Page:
Two people at the University of Florida (search) were bitten by bats in the same week, including a student who must undergo rabies shots. School administrators are reminding everyone that however small, the creatures are still wild animals.

In the first incident last week, student Danny DePaz saw a trembling, mouse-size bat (search) wedged under a classroom door and took pity, fearing it could be squashed.

"I nudged him with a pen and he went back in. Then I grabbed his little leg," DePaz said. The bat responded by biting DePaz on the finger. He dropped it and left.

A classmate took the creature to the university's College of Veterinary Medicine, where tests found it was rabid. DePaz, 22, has started a series of shots.

A day later, a woman whose name was not released was bitten when she picked up a sick bat. It tested negative for rabies (search).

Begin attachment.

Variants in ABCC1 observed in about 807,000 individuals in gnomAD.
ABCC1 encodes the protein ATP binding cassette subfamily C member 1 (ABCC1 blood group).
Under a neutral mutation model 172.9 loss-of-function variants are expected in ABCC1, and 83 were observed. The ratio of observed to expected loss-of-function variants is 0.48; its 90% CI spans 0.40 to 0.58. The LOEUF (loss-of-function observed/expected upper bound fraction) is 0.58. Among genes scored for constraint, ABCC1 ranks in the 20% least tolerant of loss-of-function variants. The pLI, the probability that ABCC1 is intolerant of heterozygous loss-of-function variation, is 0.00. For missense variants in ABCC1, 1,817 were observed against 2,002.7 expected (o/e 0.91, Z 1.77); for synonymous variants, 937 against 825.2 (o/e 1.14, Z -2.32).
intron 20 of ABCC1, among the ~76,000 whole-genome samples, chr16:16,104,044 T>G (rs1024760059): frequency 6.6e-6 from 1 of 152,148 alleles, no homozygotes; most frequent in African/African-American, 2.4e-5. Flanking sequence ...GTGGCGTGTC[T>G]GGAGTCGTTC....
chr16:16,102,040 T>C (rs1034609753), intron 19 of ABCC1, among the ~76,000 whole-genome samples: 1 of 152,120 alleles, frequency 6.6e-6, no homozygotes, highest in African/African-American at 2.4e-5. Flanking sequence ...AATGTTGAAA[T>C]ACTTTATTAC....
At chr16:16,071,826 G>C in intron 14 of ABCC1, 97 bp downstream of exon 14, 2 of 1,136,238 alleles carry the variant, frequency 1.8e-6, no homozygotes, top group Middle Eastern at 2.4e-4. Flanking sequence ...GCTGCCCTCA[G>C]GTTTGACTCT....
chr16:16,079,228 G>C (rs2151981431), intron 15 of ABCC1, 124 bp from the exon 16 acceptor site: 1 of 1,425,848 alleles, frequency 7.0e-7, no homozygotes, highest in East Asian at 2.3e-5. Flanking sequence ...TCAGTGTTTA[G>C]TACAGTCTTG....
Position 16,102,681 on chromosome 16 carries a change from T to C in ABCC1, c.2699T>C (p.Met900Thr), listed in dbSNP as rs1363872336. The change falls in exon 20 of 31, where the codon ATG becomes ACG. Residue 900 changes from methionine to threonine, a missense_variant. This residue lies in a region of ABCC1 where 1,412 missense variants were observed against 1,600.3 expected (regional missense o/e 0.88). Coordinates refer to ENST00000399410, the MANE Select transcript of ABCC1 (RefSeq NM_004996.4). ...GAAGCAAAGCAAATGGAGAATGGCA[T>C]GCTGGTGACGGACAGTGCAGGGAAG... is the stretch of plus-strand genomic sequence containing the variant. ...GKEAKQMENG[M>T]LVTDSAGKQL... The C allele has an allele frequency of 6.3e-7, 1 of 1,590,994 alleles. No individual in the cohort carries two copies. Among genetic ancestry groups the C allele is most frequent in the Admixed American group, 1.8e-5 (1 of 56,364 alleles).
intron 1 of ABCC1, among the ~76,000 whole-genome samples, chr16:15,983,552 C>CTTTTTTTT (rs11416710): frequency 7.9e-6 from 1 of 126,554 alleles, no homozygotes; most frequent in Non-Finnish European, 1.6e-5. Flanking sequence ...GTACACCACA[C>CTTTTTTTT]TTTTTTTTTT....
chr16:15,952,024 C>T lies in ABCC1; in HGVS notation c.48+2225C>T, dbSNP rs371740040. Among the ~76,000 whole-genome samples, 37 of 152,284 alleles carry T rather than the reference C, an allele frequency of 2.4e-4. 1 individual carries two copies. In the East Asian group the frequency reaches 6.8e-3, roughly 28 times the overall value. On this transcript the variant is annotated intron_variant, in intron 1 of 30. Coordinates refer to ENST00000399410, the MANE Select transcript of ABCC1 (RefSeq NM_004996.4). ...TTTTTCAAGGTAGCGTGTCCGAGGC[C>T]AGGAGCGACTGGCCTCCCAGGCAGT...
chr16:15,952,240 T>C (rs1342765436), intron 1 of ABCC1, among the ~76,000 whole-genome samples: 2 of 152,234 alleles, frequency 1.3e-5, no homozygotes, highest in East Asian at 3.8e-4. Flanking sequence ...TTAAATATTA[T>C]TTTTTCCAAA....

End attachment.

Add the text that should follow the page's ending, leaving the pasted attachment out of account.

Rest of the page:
The injuries were the first bat bites at the University of Florida in two decades. University officials are scrambling to make students, staff and faculty are aware of the danger.

"They are mammals and are susceptible to rabies just like dogs, cats, raccoons, skunks and foxes," said Ken Glover, a pest management coordinator at the university. "They should not be handled by untrained, unvaccinated people."

There have been eight recorded fatalities from rabid bat bites in the past 30 years in the United States and Canada, according to the university's Institute of Food and Agricultural Sciences.

Bats are known to invade crevices in buildings and hide during the day. Tens of thousands of the creatures live nearby in a house the university constructed for bats.